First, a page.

Cutting the Connection: When Social Media Stops Feeling Sociable.

So there I was, tapping away at my keyboard, watching the magical words appear on the screen, crossing my fingers that – at last – Castle Clair 2 was well on its way (and crossing your fingers is very hard to do when you’re typing, trust me) when, all of a sudden, I was attacked on all sides by the enemy.

When I say all sides it was, strictly speaking, from the front, because it was all going on via my computer screen – but it felt as if it was an attack from all sides because my monitor is HUGE, and there were things happening on the left of the screen, and things happening on its right. Pings and pops were bombarding me, and to make matters worse, my phone was sitting on my desk and joined in the fun.

Aarrgghh! I thought (because I never scream out loud – unless there’s a spider and I’ve grown adept at silent screams, sadly). What the bleeping bleeping bleepety bleep is going on here?

What was going on is something that goes on all the time. The thing is, it’s usually confined to my phone, or a small laptop screen, so it doesn’t affect me as much. On a large desktop monitor, with speakers on full volume, it was too much. Way too much!

It’s all too much, I tells ya!

What am I talking about? I’m talking about social media notifications. One minute I was lost in the world of the St Clair siblings, as they were dealing with a particularly tricky reunion, and the next I was staring in horror, as first a message pinged up in front of me, then a notification of a new post in a group I’m in slid across the screen,  quickly followed by a new email. It’s a computer I’m as yet unfamiliar with, and I haven’t yet turned off notifications, clearly. And it got me thinking – how many times does this happen without me even noticing, every single day?

I’ll bet David Niven would have ignored his phone

Last night, DH and I were watching a lovely old film – A Matter of Life and Death, if you’re interested. About twenty minutes in, I needed the loo, so we pressed pause. I hadn’t even got up from the sofa before I noticed DH reaching for his phone to check his notifications. An hour later we wanted a cup of tea, so the TV got paused again, and while we were faffing around we BOTH checked our phones! I realised that every time we watch a programme together, instead of talking to each other in the ad breaks, we each pick up those wretched phones and spend the entire five minutes scrolling down in silence.

This isn’t good. Last week, I said I was going to bed early and took my Kindle upstairs to read a few chapters of a novel I’d started. I decided to just have “one last check” of my social media before I picked up the Kindle. An hour and a half later (!) I put down the phone, too tired to even switch on the Kindle! What a total waste of time.

I don’t know about you, but sometimes I scroll aimlessly up and down my Facebook timeline or Twitter feed, in the desperate search for something new. I find myself reading newspaper articles that don’t interest me, clicking on posts to read comments that I know will do nothing but wind me up and make me stressed. I know I’m bored. I know I’m getting more and more cross. Do I put the phone down? No! Why not?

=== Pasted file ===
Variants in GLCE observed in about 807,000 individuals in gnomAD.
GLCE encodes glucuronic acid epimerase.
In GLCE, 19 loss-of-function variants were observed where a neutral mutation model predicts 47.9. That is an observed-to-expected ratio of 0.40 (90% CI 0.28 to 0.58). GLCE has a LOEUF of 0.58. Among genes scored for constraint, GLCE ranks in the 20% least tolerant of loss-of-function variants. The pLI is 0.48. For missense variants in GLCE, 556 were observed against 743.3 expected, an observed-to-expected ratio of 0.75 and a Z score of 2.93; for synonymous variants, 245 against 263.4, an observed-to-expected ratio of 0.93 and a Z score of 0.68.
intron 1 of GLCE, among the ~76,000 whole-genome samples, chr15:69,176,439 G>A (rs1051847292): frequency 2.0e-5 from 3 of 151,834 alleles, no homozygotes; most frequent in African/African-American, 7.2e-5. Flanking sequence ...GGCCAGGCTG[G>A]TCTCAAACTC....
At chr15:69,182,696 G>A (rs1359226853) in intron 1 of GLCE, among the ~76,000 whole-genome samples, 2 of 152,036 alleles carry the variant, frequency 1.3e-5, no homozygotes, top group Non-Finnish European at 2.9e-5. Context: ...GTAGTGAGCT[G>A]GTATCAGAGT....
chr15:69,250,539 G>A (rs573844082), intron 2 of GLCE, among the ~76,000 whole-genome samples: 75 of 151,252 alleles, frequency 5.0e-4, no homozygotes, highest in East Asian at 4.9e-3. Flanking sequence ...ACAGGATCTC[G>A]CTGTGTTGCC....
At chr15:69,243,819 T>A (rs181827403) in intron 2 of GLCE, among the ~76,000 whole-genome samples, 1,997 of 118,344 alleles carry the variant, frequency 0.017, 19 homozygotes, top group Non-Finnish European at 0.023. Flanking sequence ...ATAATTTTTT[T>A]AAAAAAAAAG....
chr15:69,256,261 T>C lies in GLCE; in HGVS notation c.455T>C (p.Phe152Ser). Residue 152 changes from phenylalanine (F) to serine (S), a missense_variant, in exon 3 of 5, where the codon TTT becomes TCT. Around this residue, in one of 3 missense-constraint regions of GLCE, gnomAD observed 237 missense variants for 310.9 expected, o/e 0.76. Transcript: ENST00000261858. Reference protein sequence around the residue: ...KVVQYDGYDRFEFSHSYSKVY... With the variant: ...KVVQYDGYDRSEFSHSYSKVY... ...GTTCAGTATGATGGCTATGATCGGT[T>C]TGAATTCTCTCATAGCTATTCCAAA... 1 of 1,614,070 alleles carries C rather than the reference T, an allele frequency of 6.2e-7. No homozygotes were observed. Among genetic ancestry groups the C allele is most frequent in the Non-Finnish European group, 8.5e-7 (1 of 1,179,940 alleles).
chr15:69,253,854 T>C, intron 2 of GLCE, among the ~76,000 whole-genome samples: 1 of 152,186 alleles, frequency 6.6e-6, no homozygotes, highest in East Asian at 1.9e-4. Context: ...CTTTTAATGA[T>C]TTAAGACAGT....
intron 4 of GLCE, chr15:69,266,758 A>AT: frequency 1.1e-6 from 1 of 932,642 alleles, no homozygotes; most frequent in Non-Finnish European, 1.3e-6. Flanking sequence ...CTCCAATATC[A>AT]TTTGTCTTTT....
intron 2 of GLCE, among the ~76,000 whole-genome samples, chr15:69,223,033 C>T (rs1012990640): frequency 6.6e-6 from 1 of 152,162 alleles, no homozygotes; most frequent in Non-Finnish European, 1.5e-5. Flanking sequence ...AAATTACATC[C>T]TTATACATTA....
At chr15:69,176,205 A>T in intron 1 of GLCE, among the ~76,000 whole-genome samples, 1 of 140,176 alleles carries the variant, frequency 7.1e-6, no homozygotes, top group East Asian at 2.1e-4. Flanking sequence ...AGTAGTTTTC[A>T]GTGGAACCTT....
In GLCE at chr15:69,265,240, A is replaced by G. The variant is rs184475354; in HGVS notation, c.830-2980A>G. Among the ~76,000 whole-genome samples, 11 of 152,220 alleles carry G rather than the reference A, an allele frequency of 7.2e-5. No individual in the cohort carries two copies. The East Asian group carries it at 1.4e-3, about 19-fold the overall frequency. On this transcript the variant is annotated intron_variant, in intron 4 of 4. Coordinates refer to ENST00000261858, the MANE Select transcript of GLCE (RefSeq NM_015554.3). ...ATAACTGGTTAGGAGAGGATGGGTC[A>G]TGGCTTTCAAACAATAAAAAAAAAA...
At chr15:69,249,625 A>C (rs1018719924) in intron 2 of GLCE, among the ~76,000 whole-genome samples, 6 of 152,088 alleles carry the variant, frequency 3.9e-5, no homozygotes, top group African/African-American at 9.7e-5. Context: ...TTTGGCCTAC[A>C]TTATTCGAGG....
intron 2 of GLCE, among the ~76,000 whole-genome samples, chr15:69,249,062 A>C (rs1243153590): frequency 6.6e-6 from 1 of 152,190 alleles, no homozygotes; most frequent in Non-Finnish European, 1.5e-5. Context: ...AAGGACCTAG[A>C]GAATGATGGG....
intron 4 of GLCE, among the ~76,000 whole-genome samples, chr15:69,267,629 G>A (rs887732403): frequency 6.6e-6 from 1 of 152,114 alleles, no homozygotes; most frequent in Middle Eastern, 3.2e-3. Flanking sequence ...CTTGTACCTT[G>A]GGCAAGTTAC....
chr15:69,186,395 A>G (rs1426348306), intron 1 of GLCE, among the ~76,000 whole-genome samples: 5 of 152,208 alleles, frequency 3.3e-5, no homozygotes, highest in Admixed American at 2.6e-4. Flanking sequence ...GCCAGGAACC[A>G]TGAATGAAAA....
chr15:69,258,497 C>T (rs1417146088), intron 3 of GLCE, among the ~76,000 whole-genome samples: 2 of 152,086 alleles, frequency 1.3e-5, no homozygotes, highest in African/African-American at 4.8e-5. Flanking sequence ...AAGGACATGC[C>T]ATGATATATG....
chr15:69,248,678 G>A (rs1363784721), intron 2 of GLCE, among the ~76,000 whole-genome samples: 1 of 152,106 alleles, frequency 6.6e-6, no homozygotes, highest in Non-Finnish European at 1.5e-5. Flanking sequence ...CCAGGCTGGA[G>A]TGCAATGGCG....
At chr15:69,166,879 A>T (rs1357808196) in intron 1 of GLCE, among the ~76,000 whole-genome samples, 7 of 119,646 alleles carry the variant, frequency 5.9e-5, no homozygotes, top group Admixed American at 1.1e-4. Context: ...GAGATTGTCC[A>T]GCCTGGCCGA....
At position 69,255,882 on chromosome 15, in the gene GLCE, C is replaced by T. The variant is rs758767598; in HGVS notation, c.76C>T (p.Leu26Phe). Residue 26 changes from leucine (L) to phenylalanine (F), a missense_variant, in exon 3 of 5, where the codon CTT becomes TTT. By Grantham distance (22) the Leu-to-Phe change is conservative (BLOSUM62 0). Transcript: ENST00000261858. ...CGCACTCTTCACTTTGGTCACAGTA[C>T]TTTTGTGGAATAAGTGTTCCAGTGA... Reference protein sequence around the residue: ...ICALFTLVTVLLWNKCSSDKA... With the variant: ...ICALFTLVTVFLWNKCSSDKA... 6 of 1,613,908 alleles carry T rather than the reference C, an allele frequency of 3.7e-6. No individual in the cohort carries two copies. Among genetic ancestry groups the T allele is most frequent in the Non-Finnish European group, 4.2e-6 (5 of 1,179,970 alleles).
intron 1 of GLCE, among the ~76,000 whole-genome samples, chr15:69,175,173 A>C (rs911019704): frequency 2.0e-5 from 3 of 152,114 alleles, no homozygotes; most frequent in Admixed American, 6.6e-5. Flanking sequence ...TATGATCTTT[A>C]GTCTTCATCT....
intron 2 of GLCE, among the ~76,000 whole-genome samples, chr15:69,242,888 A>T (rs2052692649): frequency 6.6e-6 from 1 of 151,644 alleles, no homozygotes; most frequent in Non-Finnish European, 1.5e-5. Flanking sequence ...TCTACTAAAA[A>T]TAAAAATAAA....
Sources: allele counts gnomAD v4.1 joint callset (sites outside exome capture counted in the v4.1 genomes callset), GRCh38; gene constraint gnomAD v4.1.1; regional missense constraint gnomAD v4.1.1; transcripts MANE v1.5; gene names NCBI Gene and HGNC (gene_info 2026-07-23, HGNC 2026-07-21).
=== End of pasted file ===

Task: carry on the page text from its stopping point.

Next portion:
So much to see! How to keep up?

It seems to me, now, that social media is extremely badly named. It’s made us all very unsociable. It’s not uncommon for DH and I to be in the same house and be communicating via Messenger. My mum complains bitterly that when her children and grandchildren come to visit her, half the time they’re glued to their phones, and I can’t deny it’s true. I don’t think I’m one of the culprits, because I try to only look at my phone to check if DH has messaged me to tell me what time he’s picking me up, but I’ve been there when several other family members have been glued to their mobiles.

Remind me again, what do you look like?

I went into the kitchen once and found my husband and son standing, side by side, talking to other people on Facebook as if the other one wasn’t there!

Last week, I wrote a post about Comparisonitis. If you haven’t read it, you can find it here. Basically, I was saying how easy it is to compare yourself to someone else and feel that you’re lacking in some way. That you haven’t come as far as they have. That you’re a failure. Social media is a huge part of this. People tend not to post online how rubbish everything is and how insecure they’re feeling.

Instead, we get an endless stream of “Look at me and my perfect life. Look at the wonderful lunch I’ve just had. Look where I am today! Look at my new handbag! Look at the fabulous news I’ve just received!”

Happy to post this picture of lunch on Instagram …

All very well and good, but we don’t see the “Look at the state of me – I can’t even be bothered to change out of my pyjamas. Look at this huge spot on my nose. Look at the written warning I’ve just had from work because I’m doing so badly at my job. Look at the electric bill I’ve just had that I can’t afford to pay” posts, do we? So, of course, we compare their lives to ours, and it doesn’t take a genius to figure out that we’re going to feel pretty bad about ourselves, even if we try to convince ourselves that there’s two sides to every story. Right?

Not so happy to post this picture of my REAL lunch on Instagram …

I’ve recently purchased a book called The Stress Solution by Dr Rangan Chatterjee. Among other things, he recommends a day off from social media every week. He points out that, before we even get out of bed each morning, by reaching for our mobile phones as soon as we wake up (guilty, m’lud) we’re already sending our stress levels soaring. He makes such a lot of sense.

Excellent book!

After another rotten day of feeling like a hamster on a wheel, running round and round and going nowhere, I’ve made a big decision. I’m taking two days off social media every single week. I’m also taking two days away from writing, and all work-related activities. I know it will be tough, and I know I’ll panic and feel guilty and think I should be at that desk. However, I also know that I need this.